|County Kerry is one of the most popular counties in
Ireland with foreign tourists, and it is hardly surprising. There is
something for everyone in the County- beautiful countryside, mountains, wonderful
beaches, ancient sites to see, galleries to visit and countless sports to
A lot of people base themselves in Killarney which is particularly good for exploring the Ring of Kerry and the Dingle Peninsula.
This series of churches was built honour Brendan the Navigator, who also
founded Clonfert Cathedral in Co.Galway. Brendan the Navigator was
born in 484 nearby and founded a monastery there. The Cathedral here
dates from the 12th century and has a Romanesque doorway. Inside there
is a statue of a 14th century Bishop.
Roger Casement an Irish Patriot, landed here in 1916 on a German U-Boat carrying
rifles for the Easter uprising. As soon as he landed he was arrested
and a memorial now stands on the site.
West of Ballylongford this 15th century castle belonged to the O'Connor Clan who ruled most of northern Kerry. It was constantly attacked by the English but it was Cromwell's forces who finally wrecked it in 1649. There is a Keep and ruined walled courtyard. You can climb the spiral staircase and get a view of the surrounding countryside.
This very popular fishing village was once a remote Irish speaking town. The bay is very pretty with its fishing fleet based in the harbour. The town is full of craft shops and cafes. It is a good base for exploring the Dingle Peninsula with all its archaeological remains. Dingle these days is probably most famous for its famous resident, namely Fungie the Dolphin. He has lived in the area since 1983 and visitors can go out to see him on boating, snorkelling and diving trips. He is very intelligent and loves people. He is especially good with the disabled, children etc.
The Dingle Peninsula
The drive around the dingle Peninsula is 40km (25 miles)It is usual to drive from Dingle to Dunbeg Fort along the R559, also see the beehive huts, then onto Slea Head, Dunmore Head, see the view of the Blasket Islands. Onto the Blasket Centre, Ballyferriter, Riasc, the Gallarus Oratory and Kilmalkedar before returning to Dingle.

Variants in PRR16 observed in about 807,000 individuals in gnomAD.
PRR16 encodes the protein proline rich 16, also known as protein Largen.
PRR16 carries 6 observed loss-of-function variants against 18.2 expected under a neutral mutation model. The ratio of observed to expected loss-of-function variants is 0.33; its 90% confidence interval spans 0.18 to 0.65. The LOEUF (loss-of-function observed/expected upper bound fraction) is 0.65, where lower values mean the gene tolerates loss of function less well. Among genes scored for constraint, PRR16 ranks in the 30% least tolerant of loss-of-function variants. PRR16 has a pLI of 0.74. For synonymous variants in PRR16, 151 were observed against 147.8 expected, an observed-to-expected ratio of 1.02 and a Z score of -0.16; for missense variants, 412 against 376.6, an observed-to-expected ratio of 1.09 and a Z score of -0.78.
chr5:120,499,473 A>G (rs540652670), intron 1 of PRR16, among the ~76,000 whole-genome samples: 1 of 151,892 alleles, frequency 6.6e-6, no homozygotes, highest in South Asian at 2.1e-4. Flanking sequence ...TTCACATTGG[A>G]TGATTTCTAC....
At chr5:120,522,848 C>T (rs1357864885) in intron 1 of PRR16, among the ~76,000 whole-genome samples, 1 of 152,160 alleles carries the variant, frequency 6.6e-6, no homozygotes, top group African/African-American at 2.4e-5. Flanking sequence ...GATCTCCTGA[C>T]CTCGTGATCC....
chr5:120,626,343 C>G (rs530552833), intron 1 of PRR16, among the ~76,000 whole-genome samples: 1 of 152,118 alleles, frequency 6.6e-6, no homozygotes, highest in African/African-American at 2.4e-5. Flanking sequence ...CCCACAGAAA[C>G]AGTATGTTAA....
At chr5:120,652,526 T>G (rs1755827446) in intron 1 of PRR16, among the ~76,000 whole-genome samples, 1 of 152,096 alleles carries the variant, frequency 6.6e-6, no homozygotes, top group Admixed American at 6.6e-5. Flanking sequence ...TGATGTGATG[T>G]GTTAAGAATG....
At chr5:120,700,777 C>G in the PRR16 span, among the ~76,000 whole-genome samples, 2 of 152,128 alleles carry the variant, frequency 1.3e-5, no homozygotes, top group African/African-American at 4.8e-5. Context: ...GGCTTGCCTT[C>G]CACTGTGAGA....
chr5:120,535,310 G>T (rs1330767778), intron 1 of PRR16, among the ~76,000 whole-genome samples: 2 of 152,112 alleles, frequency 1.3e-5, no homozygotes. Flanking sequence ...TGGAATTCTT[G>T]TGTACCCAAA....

Baile an Fheirtéaraigh, is a pretty village with a museum which shows the cultural heritage of the area. There is also a wonderful pottery, and many pastel coloured cottages. A great place to stop and browse, have tea and buy a few gifts!
This centre explains the Blasket Island way of life, language and literature. The Islanders moved to the mainland in 1953 and this centre was built overlooking Blasket Sound.
An Dún Beag, was built during the Iron Age and is one of the best preserved in Ireland, and certainly worth a visit.
Fahan Beehive huts
Built by early christian pilgrims visiting the area ,these amazing beehive huts are situated close to Dunbeg Fort.
Gallarus was built between the 6th and the 9th centuries and resembles a boat turned upside down. It is the best preserved early church of this period in Ireland. The stones are laid at a slight angle, lower on the outside than the inside, making rain run off. It is built in the same way the neolithic tombs were built. There is one small window high up on the wall opposite the doorway. It is situated the dingle Peninsula on the R559 road. It overlooks Smerwick Harbour. Visitors can park their cars and walk across the field to view it.
Kilmalkedar has a Romanesque church with stone carvings, sadly now ruined. It was once a place of pagan worship. the graveyard still has pagan stones, a cross and sundial.
This 7th century monastic development was excavated. It has an oratory, several crosses and a pillar stone. Pillar stones were the precursors of the High Cross, and were inscribed with crosses and swirls.